Block on Trump's Asylum Ban Upheld by Supreme Court
In US v. Campbell, 09-3212, the court of appeals affirmed defendant's conviction for possessing ammunition as a convicted felon, holding that 1) defendant did not reveal or provide any evidence in the record of an intent to mislead or recklessness on the part of the officers in executing the search warrant at issue; 2) the officers executing the warrant reasonably relied on the magistrate's authorization; 3) even assuming the affidavit's information was so stale as to not establish probable cause with regard to defendant, the affidavit's information nonetheless provided sufficient indicia of probable cause to justify the officers' good faith reliance; and 4) nothing in the record suggested the kind of recurring or systemic negligent conduct by law enforcement occurred that precluded the application of the good-faith exception to the exclusionary rule.
As the court wrote: "A jury convicted Defendant Jermall Campbell of possessing ammunition as a convicted felon in violation of 18 U.S.C. § 922(g)(1). Law enforcement seized the ammunition during a warrant search of Defendant's Wichita, Kansas home. Defendant challenged the search with a motion to suppress and a request for a hearing pursuant to Franks v. Delaware, 438 U.S. 154 (1978). After conducting an evidentiary hearing, the district court denied Defendant's motion to suppress, concluding (1) probable cause existed to support the warrant, (2) the officers involved in the preparation of the affidavit supporting the warrant did not deliberately mislead or act with reckless indifference to the truth, and, otherwise, (3) law enforcement relied in objective good faith upon the warrant. Defendant appeals. Exercising jurisdiction pursuant to 28 U.S.C. § 1291, we affirm the district's denial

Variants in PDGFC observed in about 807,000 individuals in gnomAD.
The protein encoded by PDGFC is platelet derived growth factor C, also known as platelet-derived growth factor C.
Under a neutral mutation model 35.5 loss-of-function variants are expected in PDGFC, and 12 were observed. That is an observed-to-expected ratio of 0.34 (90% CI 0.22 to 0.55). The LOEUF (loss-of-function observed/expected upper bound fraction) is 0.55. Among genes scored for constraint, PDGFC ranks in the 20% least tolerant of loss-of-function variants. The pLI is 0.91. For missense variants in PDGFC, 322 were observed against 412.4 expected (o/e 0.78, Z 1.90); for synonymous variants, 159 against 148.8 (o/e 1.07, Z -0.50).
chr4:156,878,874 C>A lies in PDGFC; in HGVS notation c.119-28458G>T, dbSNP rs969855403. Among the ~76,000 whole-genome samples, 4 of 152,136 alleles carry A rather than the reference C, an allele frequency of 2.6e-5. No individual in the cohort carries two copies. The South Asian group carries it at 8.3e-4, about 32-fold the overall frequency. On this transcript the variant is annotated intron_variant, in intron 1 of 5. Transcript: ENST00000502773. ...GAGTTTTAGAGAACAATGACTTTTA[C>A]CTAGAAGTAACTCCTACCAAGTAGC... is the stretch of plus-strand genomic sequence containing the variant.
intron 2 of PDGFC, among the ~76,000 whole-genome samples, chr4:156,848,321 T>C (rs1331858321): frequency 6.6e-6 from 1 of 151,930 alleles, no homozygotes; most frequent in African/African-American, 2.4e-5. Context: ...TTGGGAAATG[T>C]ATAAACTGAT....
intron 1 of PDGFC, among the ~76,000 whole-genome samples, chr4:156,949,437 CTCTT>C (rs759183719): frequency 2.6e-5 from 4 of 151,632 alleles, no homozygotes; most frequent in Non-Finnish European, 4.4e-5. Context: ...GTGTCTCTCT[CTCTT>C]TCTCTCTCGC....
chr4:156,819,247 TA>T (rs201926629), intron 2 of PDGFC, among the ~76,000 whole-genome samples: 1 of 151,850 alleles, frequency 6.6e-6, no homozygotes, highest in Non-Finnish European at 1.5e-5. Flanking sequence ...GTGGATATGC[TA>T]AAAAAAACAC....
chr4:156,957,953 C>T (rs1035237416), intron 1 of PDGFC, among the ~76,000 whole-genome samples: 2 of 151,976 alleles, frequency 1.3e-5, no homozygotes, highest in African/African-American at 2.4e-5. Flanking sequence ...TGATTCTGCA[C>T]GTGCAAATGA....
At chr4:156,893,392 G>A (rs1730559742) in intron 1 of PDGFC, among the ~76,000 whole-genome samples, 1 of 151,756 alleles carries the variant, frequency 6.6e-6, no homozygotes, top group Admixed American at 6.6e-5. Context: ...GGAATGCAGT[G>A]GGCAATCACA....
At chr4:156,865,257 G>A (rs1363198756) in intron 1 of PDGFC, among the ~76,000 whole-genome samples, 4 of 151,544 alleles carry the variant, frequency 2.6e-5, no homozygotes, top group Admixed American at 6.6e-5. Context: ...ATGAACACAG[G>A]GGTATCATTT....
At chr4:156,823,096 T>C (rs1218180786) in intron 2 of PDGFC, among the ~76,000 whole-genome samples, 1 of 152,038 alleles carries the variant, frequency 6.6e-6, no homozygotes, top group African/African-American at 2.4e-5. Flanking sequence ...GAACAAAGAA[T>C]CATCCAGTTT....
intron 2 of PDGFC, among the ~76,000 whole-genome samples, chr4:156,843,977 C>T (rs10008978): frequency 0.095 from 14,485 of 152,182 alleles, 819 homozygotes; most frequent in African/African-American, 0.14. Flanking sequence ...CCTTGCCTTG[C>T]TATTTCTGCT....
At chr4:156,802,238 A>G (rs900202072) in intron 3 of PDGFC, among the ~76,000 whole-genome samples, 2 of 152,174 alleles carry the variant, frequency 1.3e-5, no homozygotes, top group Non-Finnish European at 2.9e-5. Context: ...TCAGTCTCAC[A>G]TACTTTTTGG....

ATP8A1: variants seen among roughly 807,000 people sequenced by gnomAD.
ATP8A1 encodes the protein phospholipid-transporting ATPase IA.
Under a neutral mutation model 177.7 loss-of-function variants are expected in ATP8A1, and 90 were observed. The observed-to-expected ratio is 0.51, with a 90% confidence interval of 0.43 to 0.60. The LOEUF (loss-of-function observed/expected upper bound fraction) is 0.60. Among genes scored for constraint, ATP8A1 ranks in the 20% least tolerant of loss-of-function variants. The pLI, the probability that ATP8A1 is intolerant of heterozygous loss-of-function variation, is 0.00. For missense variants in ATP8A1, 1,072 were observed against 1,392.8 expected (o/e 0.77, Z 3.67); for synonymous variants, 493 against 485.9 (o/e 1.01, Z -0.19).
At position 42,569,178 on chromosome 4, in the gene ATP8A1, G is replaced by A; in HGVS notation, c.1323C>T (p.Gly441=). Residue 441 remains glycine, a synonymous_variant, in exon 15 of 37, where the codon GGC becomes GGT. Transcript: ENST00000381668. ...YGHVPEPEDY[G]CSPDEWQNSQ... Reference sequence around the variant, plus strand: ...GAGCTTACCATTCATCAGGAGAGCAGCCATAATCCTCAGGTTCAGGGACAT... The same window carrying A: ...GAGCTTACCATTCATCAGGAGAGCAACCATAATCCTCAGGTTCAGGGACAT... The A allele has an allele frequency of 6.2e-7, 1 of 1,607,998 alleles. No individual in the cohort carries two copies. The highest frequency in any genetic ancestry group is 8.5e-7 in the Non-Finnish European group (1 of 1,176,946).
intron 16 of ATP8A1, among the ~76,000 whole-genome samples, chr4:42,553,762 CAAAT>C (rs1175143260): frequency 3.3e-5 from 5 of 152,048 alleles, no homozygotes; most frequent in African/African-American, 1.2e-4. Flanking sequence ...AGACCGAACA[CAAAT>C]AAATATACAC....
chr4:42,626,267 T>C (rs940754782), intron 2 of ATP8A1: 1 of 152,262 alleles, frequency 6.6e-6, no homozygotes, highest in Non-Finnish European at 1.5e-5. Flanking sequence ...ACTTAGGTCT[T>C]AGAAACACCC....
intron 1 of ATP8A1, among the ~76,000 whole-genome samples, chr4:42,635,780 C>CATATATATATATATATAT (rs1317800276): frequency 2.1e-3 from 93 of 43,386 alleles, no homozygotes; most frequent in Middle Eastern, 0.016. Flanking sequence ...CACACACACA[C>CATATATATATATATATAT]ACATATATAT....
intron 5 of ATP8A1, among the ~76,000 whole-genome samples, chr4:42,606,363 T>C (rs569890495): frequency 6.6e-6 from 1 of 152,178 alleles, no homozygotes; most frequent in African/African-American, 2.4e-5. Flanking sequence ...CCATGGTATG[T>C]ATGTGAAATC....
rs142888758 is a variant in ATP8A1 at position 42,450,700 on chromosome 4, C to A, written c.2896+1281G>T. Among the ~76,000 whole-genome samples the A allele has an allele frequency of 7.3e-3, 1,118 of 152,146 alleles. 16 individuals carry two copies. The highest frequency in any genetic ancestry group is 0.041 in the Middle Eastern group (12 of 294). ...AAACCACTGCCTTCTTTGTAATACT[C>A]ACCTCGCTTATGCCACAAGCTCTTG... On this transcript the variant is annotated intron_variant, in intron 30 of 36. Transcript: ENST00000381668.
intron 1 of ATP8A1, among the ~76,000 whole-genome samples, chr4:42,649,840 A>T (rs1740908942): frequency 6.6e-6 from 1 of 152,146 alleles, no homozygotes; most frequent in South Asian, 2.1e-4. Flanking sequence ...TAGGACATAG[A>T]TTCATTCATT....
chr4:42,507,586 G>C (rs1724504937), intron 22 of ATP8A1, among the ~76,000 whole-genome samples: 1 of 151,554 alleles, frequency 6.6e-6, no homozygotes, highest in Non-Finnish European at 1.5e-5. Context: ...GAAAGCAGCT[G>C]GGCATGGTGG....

of Defendant's motion to suppress."
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